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From Apache Wiki <wikidi...@apache.org>
Subject [Commons Wiki] Update of "MavenGroupIDChange" by sebbapache
Date Wed, 24 Nov 2010 18:27:35 GMT
Dear Wiki user,

You have subscribed to a wiki page or wiki category on "Commons Wiki" for change notification.

The "MavenGroupIDChange" page has been changed by sebbapache.
The comment on this change is: What is jar hell.
http://wiki.apache.org/commons/MavenGroupIDChange?action=diff&rev1=4&rev2=5

--------------------------------------------------

  
  If there are multiple versions of the same class on the classpath, there's no guarantee
which version will be loaded,  so in general the classpath should only ever contain a single
version of each class.
  
+ == What is jar-hell ? ==
+ Suppose project A depends on the jars B and C, and these in turn depend on jar D. 
+ So the classpath consists of (A,B,C,D). No problem so far.
+ 
+ D is updated to add some new features (call it D2), and jar B is updated to use them (B2).

+ Provided that D2 is binary compatible with D, the a classpath which contains (A,B2,C,D2)
will still allow jar C to work correctly.
+ 
+ Now suppose that D2 is not compatible with D, such that jar C does not operate with jar
D2. The classpath would have to contain both D and D2.
+ However B2 requires the class from D2, wheres C requires the version of the class from jar
D. It's not possible to satisfy both of these.
+ Even for compatible classes in D and D2, there is a problem, because there's no way to determine
whether classes will be loaded from D or D2.
+ 
+ Jar-hell is when the classpath needs to contains multiple copies of the same classes in
different jars.
+ 
  == Maven dependency resolution ==
  Maven assumes that artifacts with the same GroupId and ArtifactId represent the same item,
 and ensures that only one instance of each such artifact is added to the classpath.
  
@@ -25, +38 @@

  
  If the groupId is changed, then org.apache.commons:commons-foo will be treated as a different
artifact,  and the Maven classpath could potentially contain two copies of the same component.
  
- This can cause a problem, for which there are several possible solutions - none of which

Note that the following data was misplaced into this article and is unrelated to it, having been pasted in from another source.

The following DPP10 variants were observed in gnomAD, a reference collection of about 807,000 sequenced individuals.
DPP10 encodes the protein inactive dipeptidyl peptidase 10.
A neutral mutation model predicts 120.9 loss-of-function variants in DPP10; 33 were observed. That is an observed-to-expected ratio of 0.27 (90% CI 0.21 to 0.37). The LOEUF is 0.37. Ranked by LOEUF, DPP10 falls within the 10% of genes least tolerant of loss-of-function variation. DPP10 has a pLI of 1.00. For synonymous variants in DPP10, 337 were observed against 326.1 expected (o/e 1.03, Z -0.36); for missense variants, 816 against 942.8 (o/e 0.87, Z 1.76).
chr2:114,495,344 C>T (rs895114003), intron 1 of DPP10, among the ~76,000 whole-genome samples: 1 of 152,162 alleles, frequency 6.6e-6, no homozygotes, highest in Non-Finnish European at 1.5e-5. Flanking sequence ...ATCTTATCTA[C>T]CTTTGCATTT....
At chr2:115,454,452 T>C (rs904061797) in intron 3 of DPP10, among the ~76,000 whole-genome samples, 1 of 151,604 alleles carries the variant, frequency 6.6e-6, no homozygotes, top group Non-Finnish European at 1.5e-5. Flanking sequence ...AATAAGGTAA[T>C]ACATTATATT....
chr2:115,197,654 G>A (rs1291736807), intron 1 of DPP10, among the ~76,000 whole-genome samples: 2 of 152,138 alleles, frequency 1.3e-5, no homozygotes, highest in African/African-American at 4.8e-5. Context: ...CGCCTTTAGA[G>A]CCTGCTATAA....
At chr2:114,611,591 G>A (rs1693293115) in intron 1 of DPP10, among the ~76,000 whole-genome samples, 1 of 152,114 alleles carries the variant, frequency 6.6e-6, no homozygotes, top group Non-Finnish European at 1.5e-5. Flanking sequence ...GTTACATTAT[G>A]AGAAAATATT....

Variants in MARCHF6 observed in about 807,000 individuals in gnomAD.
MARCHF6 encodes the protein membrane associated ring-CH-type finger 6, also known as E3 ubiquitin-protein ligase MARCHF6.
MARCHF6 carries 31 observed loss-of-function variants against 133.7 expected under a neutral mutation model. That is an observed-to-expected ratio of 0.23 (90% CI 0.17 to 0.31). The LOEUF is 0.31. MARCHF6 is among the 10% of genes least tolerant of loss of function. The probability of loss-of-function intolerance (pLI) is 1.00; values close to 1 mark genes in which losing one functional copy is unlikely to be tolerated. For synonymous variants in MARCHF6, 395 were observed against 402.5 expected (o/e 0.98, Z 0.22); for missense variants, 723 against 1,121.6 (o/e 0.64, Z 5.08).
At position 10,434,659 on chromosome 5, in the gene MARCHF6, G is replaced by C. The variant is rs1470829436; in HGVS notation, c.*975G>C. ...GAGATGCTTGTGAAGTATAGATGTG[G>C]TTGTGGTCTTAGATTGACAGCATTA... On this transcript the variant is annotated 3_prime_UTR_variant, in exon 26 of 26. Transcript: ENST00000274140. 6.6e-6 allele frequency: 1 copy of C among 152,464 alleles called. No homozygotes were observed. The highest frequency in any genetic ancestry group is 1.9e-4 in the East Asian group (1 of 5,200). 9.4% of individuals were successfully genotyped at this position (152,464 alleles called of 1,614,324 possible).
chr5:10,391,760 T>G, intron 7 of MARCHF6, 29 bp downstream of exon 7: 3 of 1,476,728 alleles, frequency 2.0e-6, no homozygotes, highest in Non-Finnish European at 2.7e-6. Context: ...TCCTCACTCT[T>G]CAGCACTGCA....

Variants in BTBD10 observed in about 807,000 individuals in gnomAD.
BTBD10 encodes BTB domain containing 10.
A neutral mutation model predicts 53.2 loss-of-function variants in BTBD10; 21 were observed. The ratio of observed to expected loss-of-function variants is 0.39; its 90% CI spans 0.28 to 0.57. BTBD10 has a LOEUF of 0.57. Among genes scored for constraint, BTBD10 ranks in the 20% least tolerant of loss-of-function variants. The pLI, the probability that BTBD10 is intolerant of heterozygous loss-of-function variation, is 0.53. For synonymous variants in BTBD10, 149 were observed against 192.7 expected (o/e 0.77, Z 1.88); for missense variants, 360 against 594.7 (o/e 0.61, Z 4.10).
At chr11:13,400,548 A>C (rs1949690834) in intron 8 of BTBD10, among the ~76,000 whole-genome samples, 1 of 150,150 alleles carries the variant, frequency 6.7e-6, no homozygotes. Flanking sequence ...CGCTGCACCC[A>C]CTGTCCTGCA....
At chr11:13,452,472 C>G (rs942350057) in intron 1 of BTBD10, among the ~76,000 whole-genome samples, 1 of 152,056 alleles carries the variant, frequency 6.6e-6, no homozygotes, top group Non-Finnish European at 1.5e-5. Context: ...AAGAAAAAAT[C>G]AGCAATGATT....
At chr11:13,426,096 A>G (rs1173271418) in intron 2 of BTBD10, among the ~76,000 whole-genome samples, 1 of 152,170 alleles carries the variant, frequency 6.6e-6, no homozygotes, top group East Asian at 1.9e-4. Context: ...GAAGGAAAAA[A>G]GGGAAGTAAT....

are ideal: * use relocation POMs * change the Foo package name
+ This can cause a problem, for which there are several possible solutions - neither of which
is ideal: 
+  * use relocation POMs 
+  * change the Foo package name
  
  === Relocation POMS ===
  A relocation POM can be set up to redirect references from commons-foo:commons-foo to org.apache.commons:commons-foo.
Both would be seen as being the same item, avoiding duplicates on the classpath.
@@ -38, +53 @@

  If the change from commons-foo:commons-foo to org.apache.commons:commons-foo is accompanied
by a change to the Java package name, e.g. to org.apache.commons.foo3, then there will be
no classpath issue, as both Maven and Java treat the artifacts as different.
  
  There are two possible scenarios here
- * The new version of the code is binary incompatible with the old version.
+  * The new version of the code is binary incompatible with the old version.
- * The new version is binary compatible with the old version.
+  * The new version is binary compatible with the old version.
  
  However, the change of Java package name is neither binary nor source-compatible, and can
require a lot of work for users of Commons Foo. This may be acceptable if the new version
has incompatible changes to the API, but not otherwise - why should users (who may not even
use Maven) be forced to change their code just to upgrade to the latest version (James Carman:
the user will thank us when they try to use a library that requires the older version, we
shouldn't discount this too much.  This approach solves the "jar hell" issue) (Sebb: there
is no "jar hell" if the versions are binary compatible)?
  

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